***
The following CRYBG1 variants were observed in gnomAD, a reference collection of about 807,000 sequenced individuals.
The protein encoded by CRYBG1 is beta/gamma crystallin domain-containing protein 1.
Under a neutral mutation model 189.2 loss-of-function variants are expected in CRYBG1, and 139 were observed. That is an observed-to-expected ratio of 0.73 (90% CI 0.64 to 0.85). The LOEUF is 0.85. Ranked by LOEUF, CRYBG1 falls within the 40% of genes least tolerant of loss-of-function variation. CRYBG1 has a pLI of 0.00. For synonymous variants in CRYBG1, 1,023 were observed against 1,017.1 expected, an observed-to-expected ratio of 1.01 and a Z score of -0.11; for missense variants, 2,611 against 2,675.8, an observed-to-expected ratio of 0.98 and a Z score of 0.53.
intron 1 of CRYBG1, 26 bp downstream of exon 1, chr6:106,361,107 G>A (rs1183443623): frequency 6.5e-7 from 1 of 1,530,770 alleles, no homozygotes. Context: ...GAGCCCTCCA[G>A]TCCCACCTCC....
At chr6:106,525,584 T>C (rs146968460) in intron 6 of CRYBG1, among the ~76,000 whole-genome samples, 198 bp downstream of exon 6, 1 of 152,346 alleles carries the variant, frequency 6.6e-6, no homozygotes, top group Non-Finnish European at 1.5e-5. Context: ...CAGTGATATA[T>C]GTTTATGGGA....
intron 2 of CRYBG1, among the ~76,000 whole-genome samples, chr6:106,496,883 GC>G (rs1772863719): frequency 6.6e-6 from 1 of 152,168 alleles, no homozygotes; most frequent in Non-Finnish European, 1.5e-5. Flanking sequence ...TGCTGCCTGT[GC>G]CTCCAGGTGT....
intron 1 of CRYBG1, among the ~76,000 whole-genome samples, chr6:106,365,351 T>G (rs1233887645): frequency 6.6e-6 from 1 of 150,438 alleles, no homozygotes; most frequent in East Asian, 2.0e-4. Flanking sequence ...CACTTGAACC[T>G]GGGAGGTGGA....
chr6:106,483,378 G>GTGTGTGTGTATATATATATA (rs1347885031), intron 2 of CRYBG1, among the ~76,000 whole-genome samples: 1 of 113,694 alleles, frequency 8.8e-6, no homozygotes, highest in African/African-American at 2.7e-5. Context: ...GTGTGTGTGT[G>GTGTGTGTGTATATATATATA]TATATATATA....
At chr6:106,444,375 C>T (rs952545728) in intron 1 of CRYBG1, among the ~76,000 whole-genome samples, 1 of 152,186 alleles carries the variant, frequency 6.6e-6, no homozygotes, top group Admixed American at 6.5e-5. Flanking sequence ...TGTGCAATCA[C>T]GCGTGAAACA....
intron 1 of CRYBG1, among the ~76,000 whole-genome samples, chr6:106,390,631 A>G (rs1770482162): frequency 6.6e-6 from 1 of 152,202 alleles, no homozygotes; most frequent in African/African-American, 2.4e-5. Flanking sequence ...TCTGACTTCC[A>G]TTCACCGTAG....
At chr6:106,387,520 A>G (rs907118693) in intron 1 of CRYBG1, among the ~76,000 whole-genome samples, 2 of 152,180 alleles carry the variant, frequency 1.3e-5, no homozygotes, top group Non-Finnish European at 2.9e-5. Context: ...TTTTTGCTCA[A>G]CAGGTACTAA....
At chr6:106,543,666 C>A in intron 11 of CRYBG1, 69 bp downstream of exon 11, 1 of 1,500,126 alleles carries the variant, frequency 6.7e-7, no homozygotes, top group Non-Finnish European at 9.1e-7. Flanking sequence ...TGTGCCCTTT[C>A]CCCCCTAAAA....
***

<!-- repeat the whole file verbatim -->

The following CRYBG1 variants were observed in gnomAD, a reference collection of about 807,000 sequenced individuals.
The protein encoded by CRYBG1 is beta/gamma crystallin domain-containing protein 1.
Under a neutral mutation model 189.2 loss-of-function variants are expected in CRYBG1, and 139 were observed. That is an observed-to-expected ratio of 0.73 (90% CI 0.64 to 0.85). The LOEUF is 0.85. Ranked by LOEUF, CRYBG1 falls within the 40% of genes least tolerant of loss-of-function variation. CRYBG1 has a pLI of 0.00. For synonymous variants in CRYBG1, 1,023 were observed against 1,017.1 expected, an observed-to-expected ratio of 1.01 and a Z score of -0.11; for missense variants, 2,611 against 2,675.8, an observed-to-expected ratio of 0.98 and a Z score of 0.53.
intron 1 of CRYBG1, 26 bp downstream of exon 1, chr6:106,361,107 G>A (rs1183443623): frequency 6.5e-7 from 1 of 1,530,770 alleles, no homozygotes. Context: ...GAGCCCTCCA[G>A]TCCCACCTCC....
At chr6:106,525,584 T>C (rs146968460) in intron 6 of CRYBG1, among the ~76,000 whole-genome samples, 198 bp downstream of exon 6, 1 of 152,346 alleles carries the variant, frequency 6.6e-6, no homozygotes, top group Non-Finnish European at 1.5e-5. Context: ...CAGTGATATA[T>C]GTTTATGGGA....
intron 2 of CRYBG1, among the ~76,000 whole-genome samples, chr6:106,496,883 GC>G (rs1772863719): frequency 6.6e-6 from 1 of 152,168 alleles, no homozygotes; most frequent in Non-Finnish European, 1.5e-5. Flanking sequence ...TGCTGCCTGT[GC>G]CTCCAGGTGT....
intron 1 of CRYBG1, among the ~76,000 whole-genome samples, chr6:106,365,351 T>G (rs1233887645): frequency 6.6e-6 from 1 of 150,438 alleles, no homozygotes; most frequent in East Asian, 2.0e-4. Flanking sequence ...CACTTGAACC[T>G]GGGAGGTGGA....
chr6:106,483,378 G>GTGTGTGTGTATATATATATA (rs1347885031), intron 2 of CRYBG1, among the ~76,000 whole-genome samples: 1 of 113,694 alleles, frequency 8.8e-6, no homozygotes, highest in African/African-American at 2.7e-5. Context: ...GTGTGTGTGT[G>GTGTGTGTGTATATATATATA]TATATATATA....
At chr6:106,444,375 C>T (rs952545728) in intron 1 of CRYBG1, among the ~76,000 whole-genome samples, 1 of 152,186 alleles carries the variant, frequency 6.6e-6, no homozygotes, top group Admixed American at 6.5e-5. Flanking sequence ...TGTGCAATCA[C>T]GCGTGAAACA....
intron 1 of CRYBG1, among the ~76,000 whole-genome samples, chr6:106,390,631 A>G (rs1770482162): frequency 6.6e-6 from 1 of 152,202 alleles, no homozygotes; most frequent in African/African-American, 2.4e-5. Flanking sequence ...TCTGACTTCC[A>G]TTCACCGTAG....
At chr6:106,387,520 A>G (rs907118693) in intron 1 of CRYBG1, among the ~76,000 whole-genome samples, 2 of 152,180 alleles carry the variant, frequency 1.3e-5, no homozygotes, top group Non-Finnish European at 2.9e-5. Context: ...TTTTTGCTCA[A>G]CAGGTACTAA....
At chr6:106,543,666 C>A in intron 11 of CRYBG1, 69 bp downstream of exon 11, 1 of 1,500,126 alleles carries the variant, frequency 6.7e-7, no homozygotes, top group Non-Finnish European at 9.1e-7. Flanking sequence ...TGTGCCCTTT[C>A]CCCCCTAAAA....